In the same way, if the parade organizer provides no security to protect attendees and one is injured by a criminal in the crowd, the organizer can probably be shown not to have acted with reasonable care.  In other words,  you would argue that your injury and the damages it caused resulted from the parade organizer’s failure to provide reasonable security.

What Kinds of Injuries Happen at Parades?

Certain injuries are more common than others at a parade.  Some of these include:

Crowd Control Injuries

Parades by definition feature crowds.  A parade without a crowd of watchers would be a failure.  However, any time there is a crowd, there is the potential for injuries.  The crowd can itself crush people or push them into ongoing traffic.  After the parade, the departure of the crowd could also cause injuries.  In other words, crowd control is extremely important at a parade and can be a significant source of liability for the parade organizer if not handled well.

Thrown Object Injuries

Parade participants, usually riding on the floats, are tasked with cheering up the crowd and increasing their enthusiasm.  One way to do this is to toss things at the crowd.  They might throw candy or use a t-shirt gun to shoot promotional t-shirts into the crowd.  Unfortunately, attendees can be hurt by being struck by one of the tossed objects.  They can also be injured when people rush and jump to catch one of the objects like t-shirts. In sum, the parade organizer needs to impose reasonable controls on tossing, throwing, or shooting physical objects into the crowd because of this risk of injury.  The organizer may not be able to completely prevent such acts but must be able to show a reasonable effort to do so.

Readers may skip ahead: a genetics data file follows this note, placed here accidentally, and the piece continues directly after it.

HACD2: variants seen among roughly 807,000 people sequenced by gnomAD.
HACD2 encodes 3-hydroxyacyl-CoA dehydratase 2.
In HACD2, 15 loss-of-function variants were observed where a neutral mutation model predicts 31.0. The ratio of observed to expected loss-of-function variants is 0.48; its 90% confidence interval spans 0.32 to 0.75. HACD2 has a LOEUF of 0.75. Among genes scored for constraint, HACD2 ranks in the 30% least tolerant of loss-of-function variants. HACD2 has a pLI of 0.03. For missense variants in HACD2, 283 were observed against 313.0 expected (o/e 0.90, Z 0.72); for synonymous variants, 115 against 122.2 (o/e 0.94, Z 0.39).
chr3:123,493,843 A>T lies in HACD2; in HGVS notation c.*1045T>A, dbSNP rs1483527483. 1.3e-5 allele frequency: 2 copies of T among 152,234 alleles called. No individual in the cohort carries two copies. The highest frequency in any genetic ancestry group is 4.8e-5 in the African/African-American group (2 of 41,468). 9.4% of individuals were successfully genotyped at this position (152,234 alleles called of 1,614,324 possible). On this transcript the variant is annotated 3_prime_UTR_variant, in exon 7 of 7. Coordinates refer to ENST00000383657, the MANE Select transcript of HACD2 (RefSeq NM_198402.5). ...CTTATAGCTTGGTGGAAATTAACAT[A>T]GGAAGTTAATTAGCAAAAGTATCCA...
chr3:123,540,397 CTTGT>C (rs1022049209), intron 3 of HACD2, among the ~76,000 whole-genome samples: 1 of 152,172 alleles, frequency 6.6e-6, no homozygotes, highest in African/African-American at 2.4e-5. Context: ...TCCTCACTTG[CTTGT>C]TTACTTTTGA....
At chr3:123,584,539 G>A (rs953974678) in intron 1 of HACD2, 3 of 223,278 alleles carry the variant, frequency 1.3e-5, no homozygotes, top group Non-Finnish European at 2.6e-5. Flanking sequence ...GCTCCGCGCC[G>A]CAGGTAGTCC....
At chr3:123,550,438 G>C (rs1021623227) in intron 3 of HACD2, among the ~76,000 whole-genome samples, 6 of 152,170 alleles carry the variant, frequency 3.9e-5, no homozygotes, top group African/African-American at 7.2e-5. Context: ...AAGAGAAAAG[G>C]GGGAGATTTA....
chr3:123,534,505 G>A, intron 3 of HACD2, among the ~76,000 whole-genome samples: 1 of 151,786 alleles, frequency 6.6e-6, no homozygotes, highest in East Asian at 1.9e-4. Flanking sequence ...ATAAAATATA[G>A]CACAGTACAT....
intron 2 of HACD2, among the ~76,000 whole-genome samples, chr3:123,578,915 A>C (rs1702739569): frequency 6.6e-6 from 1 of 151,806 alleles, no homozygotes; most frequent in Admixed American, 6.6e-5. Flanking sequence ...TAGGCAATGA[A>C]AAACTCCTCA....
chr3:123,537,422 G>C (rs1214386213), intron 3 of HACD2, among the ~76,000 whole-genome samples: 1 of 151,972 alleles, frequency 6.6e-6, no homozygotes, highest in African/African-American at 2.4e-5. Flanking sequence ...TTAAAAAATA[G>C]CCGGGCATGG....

Premises Condition Injuries

While the parade organizer can’t entirely control the physical condition of the parade route, they can take steps to make sure that people attending the parade are aware of any dangerous conditions.  They can do this with signage or with rope lines around the damage.  In either case, they must take reasonable steps to ensure attendees are aware of the danger.

Vehicle Injuries

Most people don’t think much about vehicle injuries in the relatively pedestrian nature of a parade.  A crowd of people are standing around watching what is usually some floats surrounded by people marching by.  Nonetheless, the organizer needs to anticipate and take reasonable steps to prevent vehicle injuries from, perhaps, a float that goes out of control or a child wandering into the path of one.

What to Do if You or a Loved One Is Injured

If you or a loved one is injured at a parade, one of your early steps should be to contact a law firm focused on personal injury cases like The Morgan Law Group.  Let them bring their experience to bear on your case to obtain the recovery you deserve.